Judicial Nominees, Perhaps a Potential Justice, Face Senate
WASHINGTON (AP) -- Ketanji Brown Jackson is heading to Capitol Hill for an audition of sorts. Lawmakers will be grilling her about her nomination to become a federal appeals court judge. But if the hearing goes well, the 50-year-old could someday get a callback for an even bigger role: Supreme Court justice.
Jackson is one of five judicial nominees who will appear before a Senate panel Wednesday, the opening act in President Joe Biden's effort to put his mark on the bench after four years in which President Donald Trump chose white men as judges at the highest rate in decades. None of the five people the committee will consider Wednesday for a judgeship is a white man.
Because Biden has promised to name a Black woman to the Supreme Court if a vacancy arises and because Jackson was a candidate for the court during President Barack Obama's administration, she is widely seen as a potential high court pick down the line. She is now a judge in the District of Columbia, and Biden wants her promoted to a seat on the city's federal appeals court that was left vacant by Merrick Garland when he became U.S. attorney general.
Democrats, narrowly controlling the Senate for the first time in eight years, are eager to turn the page from the Trump era. Sen. Richard Blumenthal, D-Conn., a member of the Judiciary Committee, said Democrats will prioritize diversity "not only in race and ethnic backgrounds, but also in careers."
Blumenthal said Biden is off to a good start on that front. "They are all highly qualified, and as important as their academic and professional credentials is, they look like America," he said.
Jackson, for her part, went before the committee in 2012 for her current job. Introducing her was Republican Rep. Paul Ryan, who later became House speaker and is related to her by marriage. "Now, our politics may differ, but my praise for Ketanji's intellect, for her character, for her integrity, it is unequivocal," Ryan said at the time.
As for whether there might be a Supreme Court opening in the near future, Justice Stephen Breyer, 82, the court's oldest member, has been mum about any retirement plans. The last he had to say on the topic, in an interview published in December, was: "I mean, eventually I'll retire, sure I will. And it's hard to know exactly when."
Still, liberal groups have urged the court's most senior liberal justice to step down while Democrats have Vice President Kamala Harris to break the tie in a Senate split 50-50. And it's getting to be the time of year when justices often announce their retirements.
If Breyer were to retire this year or next and Biden were to select Jackson to replace him, it would be a quick potential promotion, but also not out of step with other members of the court. President George H.W. Bush nominated Clarence Thomas to the Supreme Court in 1991, just a year after putting him on the D.C. Circuit. Last fall, President Donald Trump nominated Amy Coney Barrett to fill the Supreme Court seat left vacant by the death of Justice Ruth Bader Ginsburg. It was just three years after he put the Notre Dame law professor on an appeals court.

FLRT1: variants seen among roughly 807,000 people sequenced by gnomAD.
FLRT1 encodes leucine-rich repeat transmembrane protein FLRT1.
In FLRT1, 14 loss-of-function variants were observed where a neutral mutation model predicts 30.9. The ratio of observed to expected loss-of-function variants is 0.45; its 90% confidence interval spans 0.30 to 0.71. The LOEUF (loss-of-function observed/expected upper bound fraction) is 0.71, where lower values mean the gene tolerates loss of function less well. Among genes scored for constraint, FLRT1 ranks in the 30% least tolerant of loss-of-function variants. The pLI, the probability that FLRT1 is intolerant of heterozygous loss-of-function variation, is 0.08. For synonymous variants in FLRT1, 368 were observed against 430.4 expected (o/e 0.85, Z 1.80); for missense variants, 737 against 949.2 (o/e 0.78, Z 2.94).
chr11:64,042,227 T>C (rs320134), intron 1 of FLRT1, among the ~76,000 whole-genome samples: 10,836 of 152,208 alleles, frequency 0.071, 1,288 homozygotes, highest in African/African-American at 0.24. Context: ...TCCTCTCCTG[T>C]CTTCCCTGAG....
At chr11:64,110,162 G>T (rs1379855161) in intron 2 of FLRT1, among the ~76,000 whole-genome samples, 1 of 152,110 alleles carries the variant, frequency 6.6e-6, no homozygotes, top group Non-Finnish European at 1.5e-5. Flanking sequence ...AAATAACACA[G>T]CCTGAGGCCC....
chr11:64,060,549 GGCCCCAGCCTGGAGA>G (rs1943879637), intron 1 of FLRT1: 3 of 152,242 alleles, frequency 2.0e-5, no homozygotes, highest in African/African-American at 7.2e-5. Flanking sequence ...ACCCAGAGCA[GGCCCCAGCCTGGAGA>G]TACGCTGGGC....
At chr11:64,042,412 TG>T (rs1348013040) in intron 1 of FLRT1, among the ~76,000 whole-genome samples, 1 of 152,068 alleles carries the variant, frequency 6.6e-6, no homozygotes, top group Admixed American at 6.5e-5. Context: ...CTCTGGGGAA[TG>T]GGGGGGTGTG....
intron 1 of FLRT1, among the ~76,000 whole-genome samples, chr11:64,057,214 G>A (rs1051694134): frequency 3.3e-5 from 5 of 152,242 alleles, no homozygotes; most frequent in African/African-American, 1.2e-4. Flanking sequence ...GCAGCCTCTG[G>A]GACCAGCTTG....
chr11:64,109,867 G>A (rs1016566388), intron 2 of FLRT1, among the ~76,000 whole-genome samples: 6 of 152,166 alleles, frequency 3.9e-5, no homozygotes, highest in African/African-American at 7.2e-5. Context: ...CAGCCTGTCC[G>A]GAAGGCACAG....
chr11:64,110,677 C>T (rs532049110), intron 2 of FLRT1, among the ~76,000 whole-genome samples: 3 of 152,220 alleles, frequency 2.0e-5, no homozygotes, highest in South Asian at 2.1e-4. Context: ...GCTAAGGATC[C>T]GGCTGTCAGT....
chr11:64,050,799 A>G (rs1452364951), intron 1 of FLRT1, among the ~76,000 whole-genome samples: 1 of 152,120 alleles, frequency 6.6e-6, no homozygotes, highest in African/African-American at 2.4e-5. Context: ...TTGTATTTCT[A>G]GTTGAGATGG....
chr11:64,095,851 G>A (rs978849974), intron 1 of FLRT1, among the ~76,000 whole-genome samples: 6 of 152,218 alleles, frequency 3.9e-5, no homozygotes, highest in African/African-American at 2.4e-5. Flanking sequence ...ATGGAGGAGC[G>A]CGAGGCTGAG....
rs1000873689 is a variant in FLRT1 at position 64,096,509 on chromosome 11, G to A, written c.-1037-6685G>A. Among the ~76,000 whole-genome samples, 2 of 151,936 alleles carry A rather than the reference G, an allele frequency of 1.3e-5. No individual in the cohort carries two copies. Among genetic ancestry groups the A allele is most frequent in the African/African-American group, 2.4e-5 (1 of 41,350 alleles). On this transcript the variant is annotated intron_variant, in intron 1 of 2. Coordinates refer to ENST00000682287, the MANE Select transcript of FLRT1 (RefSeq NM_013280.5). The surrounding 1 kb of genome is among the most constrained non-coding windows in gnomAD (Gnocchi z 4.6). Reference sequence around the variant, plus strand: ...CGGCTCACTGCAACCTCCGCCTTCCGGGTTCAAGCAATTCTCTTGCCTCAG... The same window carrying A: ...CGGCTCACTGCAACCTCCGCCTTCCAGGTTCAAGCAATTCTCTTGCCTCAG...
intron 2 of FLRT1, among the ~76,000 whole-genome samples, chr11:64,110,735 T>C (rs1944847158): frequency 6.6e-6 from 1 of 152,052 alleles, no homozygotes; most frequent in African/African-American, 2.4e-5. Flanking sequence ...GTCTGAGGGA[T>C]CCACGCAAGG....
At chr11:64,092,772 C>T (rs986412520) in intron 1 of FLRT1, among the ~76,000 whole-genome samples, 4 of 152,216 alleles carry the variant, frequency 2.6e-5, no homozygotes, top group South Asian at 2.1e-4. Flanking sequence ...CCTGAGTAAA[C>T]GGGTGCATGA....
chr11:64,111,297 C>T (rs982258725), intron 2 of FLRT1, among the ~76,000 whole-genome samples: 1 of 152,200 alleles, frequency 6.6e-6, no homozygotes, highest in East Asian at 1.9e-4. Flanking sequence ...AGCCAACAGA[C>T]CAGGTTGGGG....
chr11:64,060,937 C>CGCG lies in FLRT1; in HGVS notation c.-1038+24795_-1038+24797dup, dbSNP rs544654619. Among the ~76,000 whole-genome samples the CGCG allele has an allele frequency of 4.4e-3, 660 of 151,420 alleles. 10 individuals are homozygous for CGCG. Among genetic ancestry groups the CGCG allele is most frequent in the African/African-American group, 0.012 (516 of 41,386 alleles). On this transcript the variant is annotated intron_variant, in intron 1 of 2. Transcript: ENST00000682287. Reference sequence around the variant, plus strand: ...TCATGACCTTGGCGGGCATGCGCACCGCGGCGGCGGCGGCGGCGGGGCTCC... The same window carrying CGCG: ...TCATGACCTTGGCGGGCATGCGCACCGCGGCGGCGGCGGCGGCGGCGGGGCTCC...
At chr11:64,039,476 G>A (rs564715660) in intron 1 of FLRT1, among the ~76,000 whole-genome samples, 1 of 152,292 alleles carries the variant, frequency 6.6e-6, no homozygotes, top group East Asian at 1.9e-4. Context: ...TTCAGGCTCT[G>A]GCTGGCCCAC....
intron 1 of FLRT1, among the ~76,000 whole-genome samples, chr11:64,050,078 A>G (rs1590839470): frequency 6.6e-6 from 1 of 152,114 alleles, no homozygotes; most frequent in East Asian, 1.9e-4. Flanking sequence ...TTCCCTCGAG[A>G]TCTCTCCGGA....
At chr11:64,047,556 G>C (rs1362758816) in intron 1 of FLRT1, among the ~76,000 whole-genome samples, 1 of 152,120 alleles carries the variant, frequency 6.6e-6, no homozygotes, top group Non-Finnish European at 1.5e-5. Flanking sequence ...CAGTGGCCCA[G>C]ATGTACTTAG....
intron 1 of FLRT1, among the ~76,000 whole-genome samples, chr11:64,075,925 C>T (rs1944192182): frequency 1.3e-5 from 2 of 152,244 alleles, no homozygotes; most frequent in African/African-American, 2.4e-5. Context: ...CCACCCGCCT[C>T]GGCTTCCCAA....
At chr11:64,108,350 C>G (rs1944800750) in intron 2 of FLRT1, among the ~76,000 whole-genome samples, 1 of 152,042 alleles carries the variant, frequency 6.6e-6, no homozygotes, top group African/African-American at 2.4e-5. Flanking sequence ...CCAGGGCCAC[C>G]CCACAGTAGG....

Jackson, of course, wouldn't be the only potential pick if Breyer announces his retirement. Also being considered for an appeals court slot Wednesday is Candace Jackson-Akiwumi, a 41-year-old lawyer from Washington. Other potential front-runners include Leondra Kruger, a justice who sits on the California Supreme Court, and U.S. District Judge Michelle Childs, a favorite of Rep. James Clyburn's. The Democrat from South Carolina made a crucial endorsement of Biden just before the state's presidential primary last year.
On Wednesday, lawmakers will also question three Biden nominees for federal trial judgeships. They are Julien Xavier Neals, who is Black; U.S. Magistrate Judge Zahid N. Quraishi, who is Muslim and of Pakistani ancestry; and Regina M. Rodriguez, who is Hispanic.
Judicial nominations under Trump were a top priority after Republicans slowed the confirmation process to a crawl during Obama's final two years in office. Trump ended up making three Supreme Court appointments to go along with 54 appellate court picks and 174 trial judges, aided by then-Senate Majority Leader Mitch McConnell's determination to, as he put it, "leave no vacancy behind."
Democrats opposed many of Trump's nominees, complaining they were unqualified and chosen based on their conservative credentials.
"It's a welcome change to see nominees who have been selected for their credentials and their abilities," said the Judiciary Committee's new Democratic chair, Sen. Dick Durbin of Illinois.
Republicans have a different take on the new landscape.
"I expect that we will see a lot of terrible judges," said Sen. Ted Cruz, R-Texas.
The hearing also comes amid discussions by liberals of overhauling the Supreme Court. Biden earlier this month created a commission charged with examining the politically incendiary issues of expanding the court and instituting term limits for justices, among other topics.